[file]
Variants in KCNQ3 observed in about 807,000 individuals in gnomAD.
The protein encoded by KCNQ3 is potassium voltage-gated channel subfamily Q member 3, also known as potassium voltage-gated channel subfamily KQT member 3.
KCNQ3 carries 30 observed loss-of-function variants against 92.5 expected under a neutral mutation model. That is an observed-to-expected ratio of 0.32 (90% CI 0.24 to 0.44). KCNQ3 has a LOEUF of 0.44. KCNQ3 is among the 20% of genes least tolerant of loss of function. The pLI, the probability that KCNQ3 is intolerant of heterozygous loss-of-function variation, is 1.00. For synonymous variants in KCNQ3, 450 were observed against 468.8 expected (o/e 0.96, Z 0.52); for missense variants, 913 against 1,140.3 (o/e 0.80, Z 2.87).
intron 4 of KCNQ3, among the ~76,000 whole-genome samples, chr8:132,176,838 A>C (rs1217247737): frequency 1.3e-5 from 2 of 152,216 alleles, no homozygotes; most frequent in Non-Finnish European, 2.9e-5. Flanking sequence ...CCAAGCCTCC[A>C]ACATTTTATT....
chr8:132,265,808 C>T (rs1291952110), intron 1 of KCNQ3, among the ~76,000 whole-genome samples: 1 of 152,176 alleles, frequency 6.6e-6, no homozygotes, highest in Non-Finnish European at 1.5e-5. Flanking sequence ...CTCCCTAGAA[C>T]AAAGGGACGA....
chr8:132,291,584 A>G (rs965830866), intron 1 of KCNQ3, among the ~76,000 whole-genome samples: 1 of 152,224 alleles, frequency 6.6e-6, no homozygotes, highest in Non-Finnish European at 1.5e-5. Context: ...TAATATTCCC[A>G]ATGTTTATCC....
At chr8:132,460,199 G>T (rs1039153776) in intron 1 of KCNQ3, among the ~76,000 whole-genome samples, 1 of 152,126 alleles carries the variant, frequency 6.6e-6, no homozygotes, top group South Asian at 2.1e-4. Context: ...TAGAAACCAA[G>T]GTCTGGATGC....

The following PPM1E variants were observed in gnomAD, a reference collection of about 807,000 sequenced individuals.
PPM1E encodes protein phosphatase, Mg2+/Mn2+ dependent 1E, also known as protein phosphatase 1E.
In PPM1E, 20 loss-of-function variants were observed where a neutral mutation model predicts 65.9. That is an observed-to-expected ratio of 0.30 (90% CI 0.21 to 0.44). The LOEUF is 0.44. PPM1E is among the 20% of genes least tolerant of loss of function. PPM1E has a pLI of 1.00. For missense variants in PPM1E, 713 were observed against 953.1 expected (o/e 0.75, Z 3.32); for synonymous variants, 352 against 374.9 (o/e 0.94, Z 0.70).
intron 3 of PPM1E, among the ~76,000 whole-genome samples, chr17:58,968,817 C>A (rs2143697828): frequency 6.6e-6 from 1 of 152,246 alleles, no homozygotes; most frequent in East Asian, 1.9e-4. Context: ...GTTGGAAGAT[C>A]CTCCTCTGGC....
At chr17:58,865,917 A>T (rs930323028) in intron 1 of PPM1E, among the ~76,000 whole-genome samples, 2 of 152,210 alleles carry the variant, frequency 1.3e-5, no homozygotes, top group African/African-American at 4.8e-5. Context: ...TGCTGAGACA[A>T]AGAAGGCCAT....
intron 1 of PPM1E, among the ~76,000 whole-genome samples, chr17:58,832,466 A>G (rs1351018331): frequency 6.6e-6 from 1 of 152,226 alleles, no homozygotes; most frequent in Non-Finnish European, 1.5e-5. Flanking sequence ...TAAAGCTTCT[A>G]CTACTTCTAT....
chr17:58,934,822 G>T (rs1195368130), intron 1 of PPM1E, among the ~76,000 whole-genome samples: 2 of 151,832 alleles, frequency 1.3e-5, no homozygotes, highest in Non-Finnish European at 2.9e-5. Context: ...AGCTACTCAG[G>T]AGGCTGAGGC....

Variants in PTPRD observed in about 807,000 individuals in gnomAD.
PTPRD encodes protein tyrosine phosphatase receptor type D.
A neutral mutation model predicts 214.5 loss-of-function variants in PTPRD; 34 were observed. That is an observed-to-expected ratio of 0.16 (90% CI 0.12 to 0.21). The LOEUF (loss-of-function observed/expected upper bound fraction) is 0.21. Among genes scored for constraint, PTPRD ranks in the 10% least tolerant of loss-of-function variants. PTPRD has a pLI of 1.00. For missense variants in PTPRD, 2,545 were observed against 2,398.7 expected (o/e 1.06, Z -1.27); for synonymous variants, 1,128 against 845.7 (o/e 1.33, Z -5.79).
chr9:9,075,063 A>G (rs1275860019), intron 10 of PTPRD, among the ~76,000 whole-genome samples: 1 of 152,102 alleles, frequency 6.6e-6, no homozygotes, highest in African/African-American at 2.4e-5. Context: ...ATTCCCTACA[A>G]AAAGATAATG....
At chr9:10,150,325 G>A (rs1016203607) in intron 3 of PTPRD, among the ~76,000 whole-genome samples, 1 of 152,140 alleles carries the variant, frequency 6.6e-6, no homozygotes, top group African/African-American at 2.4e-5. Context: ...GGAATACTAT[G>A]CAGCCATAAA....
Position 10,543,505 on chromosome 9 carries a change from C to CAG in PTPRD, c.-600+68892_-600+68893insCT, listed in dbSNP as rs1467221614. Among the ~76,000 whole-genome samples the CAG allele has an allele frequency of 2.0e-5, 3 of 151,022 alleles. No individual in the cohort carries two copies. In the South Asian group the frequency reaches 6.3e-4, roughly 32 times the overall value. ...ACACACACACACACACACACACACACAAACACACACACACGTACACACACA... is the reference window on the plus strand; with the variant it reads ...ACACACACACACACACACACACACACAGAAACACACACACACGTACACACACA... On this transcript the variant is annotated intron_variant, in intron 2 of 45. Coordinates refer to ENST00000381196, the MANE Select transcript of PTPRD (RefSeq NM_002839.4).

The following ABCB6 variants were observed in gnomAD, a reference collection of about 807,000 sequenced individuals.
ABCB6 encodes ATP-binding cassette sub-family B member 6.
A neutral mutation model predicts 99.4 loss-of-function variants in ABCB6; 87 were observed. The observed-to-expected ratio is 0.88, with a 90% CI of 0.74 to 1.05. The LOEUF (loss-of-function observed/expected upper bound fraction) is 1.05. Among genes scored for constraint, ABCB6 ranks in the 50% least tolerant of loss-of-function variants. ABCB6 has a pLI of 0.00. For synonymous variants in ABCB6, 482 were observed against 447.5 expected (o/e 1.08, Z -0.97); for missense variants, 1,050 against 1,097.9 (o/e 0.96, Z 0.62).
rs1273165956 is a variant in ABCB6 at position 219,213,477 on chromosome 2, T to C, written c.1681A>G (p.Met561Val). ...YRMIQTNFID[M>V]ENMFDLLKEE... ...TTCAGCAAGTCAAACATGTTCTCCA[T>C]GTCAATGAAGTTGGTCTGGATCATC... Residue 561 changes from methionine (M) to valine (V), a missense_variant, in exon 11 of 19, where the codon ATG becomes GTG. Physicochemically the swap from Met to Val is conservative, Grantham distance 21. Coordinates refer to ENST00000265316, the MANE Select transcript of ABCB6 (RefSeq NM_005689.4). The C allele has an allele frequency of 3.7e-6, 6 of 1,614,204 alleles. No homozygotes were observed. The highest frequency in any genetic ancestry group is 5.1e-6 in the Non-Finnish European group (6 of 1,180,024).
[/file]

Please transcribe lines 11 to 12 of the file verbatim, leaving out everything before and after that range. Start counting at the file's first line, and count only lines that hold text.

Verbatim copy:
intron 3 of PPM1E, among the ~76,000 whole-genome samples, chr17:58,968,817 C>A (rs2143697828): frequency 6.6e-6 from 1 of 152,246 alleles, no homozygotes; most frequent in East Asian, 1.9e-4. Context: ...GTTGGAAGAT[C>A]CTCCTCTGGC....
At chr17:58,865,917 A>T (rs930323028) in intron 1 of PPM1E, among the ~76,000 whole-genome samples, 2 of 152,210 alleles carry the variant, frequency 1.3e-5, no homozygotes, top group African/African-American at 4.8e-5. Context: ...TGCTGAGACA[A>T]AGAAGGCCAT....